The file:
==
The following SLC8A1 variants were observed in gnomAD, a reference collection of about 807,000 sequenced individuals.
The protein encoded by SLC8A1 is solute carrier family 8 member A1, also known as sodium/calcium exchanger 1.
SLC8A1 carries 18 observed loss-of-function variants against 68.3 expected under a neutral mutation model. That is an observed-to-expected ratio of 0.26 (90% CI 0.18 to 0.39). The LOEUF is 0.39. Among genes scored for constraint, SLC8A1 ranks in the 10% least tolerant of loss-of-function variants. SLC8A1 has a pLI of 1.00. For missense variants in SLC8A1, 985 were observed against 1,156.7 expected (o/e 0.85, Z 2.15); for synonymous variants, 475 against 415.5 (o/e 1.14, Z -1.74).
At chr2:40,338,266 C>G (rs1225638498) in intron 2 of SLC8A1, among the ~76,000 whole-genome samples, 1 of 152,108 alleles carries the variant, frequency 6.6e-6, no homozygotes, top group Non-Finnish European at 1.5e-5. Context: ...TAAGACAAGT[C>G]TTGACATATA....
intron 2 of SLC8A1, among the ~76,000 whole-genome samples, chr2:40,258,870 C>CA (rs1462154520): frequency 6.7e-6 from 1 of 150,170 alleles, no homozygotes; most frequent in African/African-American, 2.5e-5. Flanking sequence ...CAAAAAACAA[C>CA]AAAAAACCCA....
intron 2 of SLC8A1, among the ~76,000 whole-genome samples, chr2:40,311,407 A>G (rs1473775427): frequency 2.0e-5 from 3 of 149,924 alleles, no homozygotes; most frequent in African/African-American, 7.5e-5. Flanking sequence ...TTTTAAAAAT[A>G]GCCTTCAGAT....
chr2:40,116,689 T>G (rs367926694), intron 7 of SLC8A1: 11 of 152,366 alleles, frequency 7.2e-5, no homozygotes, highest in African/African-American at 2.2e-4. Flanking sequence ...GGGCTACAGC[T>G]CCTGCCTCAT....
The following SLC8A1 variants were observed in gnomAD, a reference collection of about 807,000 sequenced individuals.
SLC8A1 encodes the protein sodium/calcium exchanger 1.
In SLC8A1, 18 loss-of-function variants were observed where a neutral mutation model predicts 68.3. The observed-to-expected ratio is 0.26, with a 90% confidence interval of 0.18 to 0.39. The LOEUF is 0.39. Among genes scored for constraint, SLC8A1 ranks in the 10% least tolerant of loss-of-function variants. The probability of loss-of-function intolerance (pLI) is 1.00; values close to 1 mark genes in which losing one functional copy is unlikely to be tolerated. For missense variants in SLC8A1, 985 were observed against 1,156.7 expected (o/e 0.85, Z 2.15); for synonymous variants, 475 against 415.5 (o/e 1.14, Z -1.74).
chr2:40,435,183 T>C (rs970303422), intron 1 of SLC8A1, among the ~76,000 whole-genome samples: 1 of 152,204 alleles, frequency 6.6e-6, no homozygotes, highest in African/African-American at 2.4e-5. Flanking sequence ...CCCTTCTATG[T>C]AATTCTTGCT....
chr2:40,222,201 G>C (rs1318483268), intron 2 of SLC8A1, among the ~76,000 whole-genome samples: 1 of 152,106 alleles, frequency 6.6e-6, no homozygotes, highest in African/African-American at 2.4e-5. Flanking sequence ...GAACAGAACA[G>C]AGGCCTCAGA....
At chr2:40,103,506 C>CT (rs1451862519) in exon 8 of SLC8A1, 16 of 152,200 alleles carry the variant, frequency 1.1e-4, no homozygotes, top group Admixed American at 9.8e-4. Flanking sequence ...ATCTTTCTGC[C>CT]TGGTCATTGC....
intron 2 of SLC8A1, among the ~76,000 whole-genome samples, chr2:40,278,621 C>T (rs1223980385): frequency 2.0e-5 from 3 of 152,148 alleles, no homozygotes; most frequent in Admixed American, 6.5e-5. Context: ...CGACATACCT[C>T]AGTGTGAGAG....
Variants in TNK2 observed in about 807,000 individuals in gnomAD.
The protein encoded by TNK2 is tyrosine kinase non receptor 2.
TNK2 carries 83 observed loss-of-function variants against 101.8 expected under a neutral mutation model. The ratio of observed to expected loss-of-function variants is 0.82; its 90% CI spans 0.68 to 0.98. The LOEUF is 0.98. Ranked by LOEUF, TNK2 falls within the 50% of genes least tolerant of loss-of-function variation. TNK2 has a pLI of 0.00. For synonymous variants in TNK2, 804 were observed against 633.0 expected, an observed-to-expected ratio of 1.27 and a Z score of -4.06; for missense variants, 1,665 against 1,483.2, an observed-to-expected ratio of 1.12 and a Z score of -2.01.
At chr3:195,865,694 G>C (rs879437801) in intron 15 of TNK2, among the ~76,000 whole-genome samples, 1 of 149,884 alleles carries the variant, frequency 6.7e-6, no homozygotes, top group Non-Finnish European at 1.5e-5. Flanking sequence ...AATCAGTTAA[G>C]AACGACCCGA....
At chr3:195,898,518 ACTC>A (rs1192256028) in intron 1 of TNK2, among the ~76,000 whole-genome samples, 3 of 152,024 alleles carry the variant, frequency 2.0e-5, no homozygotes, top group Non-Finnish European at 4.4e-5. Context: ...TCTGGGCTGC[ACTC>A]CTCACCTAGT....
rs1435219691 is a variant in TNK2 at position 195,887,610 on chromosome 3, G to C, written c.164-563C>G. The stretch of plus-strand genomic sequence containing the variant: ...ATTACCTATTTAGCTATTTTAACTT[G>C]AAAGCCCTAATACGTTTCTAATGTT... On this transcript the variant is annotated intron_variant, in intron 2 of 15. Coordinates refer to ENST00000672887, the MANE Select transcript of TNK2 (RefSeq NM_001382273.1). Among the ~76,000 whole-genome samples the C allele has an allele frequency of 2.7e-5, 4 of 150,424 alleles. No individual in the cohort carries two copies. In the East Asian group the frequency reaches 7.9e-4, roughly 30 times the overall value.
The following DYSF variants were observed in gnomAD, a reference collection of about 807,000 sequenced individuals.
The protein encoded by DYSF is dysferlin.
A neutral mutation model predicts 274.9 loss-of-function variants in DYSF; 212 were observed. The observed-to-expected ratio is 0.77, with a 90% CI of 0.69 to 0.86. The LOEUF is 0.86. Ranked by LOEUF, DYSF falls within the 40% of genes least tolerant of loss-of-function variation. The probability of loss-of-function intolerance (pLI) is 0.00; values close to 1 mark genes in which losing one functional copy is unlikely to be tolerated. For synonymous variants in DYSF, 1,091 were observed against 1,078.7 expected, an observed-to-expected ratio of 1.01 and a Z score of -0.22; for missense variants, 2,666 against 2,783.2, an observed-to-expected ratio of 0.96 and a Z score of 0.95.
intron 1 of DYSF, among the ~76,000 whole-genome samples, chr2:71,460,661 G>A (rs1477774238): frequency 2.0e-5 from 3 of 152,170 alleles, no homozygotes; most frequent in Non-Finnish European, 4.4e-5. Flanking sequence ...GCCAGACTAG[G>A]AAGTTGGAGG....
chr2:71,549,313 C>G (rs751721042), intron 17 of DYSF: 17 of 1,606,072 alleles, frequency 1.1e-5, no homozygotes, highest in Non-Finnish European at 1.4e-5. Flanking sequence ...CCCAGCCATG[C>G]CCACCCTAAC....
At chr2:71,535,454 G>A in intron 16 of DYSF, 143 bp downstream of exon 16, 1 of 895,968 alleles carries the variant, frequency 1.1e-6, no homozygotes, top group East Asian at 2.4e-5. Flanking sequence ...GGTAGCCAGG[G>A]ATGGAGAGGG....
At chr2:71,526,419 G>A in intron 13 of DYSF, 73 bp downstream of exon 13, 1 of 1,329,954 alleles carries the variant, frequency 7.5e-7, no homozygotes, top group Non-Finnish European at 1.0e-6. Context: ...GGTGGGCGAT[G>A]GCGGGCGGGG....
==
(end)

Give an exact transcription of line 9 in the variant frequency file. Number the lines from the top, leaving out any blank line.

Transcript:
SLC8A1 encodes the protein sodium/calcium exchanger 1.